The Rich Irony, Part 4: Campaign Finance Reform

Barack Obama has decided to forgo public campaign financing, despite saying earlier that he wanted to preserve the public campaign financing system. The rich irony is that now the Republicans are all over Obama for going back on his promise to take public campaign financing.

For years the Republicans have been rallying against campaign finance reform. They have spoken against, voted against, filibustered against, and campaigned against campaign financing reform. In fact, it was John McCain's support for the McCain-Feingold bill that created much of the bad blood within his own party. Now that for the first time in decades Democrats have a fundraising advantage, many Republicans are crying crocodile tears.

The irony does not stop there. The numerous campaign reform activists on the left are remaining conspicuously silent while Barack Obama becomes the first candidate since Watergate to back out of the public finance system. In a single day, Obama has done more to undermine the public campaign financing than all the PAC's and 527's combined, and the silence on the left is deafening.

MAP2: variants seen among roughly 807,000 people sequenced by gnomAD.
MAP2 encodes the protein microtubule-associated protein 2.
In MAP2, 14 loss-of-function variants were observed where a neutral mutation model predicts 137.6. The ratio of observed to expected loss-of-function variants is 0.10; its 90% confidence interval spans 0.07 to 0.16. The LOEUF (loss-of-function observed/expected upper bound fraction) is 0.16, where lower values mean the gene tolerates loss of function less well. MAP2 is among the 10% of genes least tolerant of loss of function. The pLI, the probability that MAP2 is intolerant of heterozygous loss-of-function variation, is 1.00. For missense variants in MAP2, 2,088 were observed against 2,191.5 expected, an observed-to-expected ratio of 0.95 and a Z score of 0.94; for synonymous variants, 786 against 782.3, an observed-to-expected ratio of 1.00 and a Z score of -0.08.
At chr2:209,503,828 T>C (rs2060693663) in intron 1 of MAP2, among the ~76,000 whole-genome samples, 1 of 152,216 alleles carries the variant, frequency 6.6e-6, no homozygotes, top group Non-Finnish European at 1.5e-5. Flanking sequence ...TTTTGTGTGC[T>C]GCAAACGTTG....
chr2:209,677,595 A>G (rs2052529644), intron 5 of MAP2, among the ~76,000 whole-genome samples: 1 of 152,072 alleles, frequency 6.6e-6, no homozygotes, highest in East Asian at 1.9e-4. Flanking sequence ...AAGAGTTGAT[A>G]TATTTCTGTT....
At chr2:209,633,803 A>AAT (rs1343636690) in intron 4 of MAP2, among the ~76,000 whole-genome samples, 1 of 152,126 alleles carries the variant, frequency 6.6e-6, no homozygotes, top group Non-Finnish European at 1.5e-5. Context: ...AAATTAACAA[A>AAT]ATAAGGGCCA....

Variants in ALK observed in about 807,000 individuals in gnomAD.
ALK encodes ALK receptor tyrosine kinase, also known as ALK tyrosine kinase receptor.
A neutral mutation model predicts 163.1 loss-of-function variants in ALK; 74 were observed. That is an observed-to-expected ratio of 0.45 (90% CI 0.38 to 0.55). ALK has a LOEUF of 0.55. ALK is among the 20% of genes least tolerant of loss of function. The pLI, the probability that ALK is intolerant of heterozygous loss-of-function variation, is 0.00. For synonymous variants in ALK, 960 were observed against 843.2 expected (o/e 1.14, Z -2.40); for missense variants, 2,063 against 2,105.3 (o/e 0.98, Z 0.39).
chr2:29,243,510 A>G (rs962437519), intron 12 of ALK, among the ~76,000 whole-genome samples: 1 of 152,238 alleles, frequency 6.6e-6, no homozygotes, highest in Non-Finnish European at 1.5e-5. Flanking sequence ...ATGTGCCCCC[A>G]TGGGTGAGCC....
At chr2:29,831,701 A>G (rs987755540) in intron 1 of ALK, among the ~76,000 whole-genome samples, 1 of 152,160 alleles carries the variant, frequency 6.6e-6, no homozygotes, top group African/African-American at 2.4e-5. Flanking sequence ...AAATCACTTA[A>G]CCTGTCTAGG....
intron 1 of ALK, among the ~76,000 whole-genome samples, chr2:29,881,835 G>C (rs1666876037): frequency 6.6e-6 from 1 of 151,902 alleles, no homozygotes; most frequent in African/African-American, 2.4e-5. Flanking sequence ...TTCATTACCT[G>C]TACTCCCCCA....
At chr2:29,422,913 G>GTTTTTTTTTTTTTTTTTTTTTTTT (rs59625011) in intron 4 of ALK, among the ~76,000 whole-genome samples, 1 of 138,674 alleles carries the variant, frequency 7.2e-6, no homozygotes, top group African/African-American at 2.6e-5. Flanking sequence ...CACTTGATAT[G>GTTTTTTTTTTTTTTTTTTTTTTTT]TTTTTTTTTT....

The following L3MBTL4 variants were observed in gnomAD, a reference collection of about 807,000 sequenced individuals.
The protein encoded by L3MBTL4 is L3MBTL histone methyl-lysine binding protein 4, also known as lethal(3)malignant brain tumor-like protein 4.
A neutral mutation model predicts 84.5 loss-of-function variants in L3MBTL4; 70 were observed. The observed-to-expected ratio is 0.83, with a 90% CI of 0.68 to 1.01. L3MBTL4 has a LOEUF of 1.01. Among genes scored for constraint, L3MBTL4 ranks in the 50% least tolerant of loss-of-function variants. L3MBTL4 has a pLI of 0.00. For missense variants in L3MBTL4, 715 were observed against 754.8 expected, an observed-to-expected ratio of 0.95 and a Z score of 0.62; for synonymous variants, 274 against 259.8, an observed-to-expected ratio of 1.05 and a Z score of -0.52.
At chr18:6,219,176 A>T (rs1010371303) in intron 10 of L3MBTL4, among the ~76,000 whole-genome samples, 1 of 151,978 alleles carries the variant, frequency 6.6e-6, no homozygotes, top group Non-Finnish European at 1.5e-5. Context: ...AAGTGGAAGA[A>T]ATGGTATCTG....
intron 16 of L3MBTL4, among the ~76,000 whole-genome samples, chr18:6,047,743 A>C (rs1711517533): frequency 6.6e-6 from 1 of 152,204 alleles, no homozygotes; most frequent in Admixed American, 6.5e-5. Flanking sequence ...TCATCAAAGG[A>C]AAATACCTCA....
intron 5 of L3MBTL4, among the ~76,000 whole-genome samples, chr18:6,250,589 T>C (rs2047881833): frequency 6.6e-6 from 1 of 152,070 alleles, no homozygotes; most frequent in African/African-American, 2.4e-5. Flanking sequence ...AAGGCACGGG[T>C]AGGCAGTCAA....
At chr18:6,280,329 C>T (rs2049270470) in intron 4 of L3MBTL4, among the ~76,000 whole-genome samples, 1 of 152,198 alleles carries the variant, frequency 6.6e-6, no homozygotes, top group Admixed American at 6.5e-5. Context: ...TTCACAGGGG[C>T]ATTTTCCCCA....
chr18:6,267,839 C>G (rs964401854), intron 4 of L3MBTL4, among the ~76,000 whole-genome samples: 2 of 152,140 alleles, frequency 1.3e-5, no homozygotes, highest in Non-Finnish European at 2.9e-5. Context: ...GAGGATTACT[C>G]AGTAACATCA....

The greatest irony of all is the reaction of John McCain. McCain is taking public financing not because of some deep-seated principle; if that were the case, he would not have opted out of public financing (in a legally questionable manner) during the primary. John McCain is taking public financing because he needs to. There is no way that McCain can match Obama's fundraising, so he needs to take a government handout. That is the rich irony. John McCain, a hardcore free trade capitalist, needs the government to intervene to even the playing field.

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